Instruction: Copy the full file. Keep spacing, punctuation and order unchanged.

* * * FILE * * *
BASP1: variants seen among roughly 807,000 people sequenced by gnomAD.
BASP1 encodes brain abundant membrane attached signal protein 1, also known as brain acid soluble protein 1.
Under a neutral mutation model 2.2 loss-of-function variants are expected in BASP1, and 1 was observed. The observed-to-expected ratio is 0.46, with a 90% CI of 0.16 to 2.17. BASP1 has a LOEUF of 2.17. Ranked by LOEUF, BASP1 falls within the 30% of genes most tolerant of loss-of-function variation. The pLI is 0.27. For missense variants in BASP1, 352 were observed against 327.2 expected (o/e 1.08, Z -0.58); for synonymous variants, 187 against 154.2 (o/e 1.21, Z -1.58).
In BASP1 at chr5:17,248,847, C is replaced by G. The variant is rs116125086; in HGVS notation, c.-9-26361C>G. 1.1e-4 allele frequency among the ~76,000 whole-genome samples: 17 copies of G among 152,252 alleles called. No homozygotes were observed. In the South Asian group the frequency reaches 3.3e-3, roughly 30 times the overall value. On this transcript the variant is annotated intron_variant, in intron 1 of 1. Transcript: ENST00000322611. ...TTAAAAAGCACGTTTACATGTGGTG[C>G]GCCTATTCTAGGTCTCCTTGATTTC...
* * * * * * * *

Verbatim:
BASP1: variants seen among roughly 807,000 people sequenced by gnomAD.
BASP1 encodes brain abundant membrane attached signal protein 1, also known as brain acid soluble protein 1.
Under a neutral mutation model 2.2 loss-of-function variants are expected in BASP1, and 1 was observed. The observed-to-expected ratio is 0.46, with a 90% CI of 0.16 to 2.17. BASP1 has a LOEUF of 2.17. Ranked by LOEUF, BASP1 falls within the 30% of genes most tolerant of loss-of-function variation. The pLI is 0.27. For missense variants in BASP1, 352 were observed against 327.2 expected (o/e 1.08, Z -0.58); for synonymous variants, 187 against 154.2 (o/e 1.21, Z -1.58).
In BASP1 at chr5:17,248,847, C is replaced by G. The variant is rs116125086; in HGVS notation, c.-9-26361C>G. 1.1e-4 allele frequency among the ~76,000 whole-genome samples: 17 copies of G among 152,252 alleles called. No homozygotes were observed. In the South Asian group the frequency reaches 3.3e-3, roughly 30 times the overall value. On this transcript the variant is annotated intron_variant, in intron 1 of 1. Transcript: ENST00000322611. ...TTAAAAAGCACGTTTACATGTGGTG[C>G]GCCTATTCTAGGTCTCCTTGATTTC...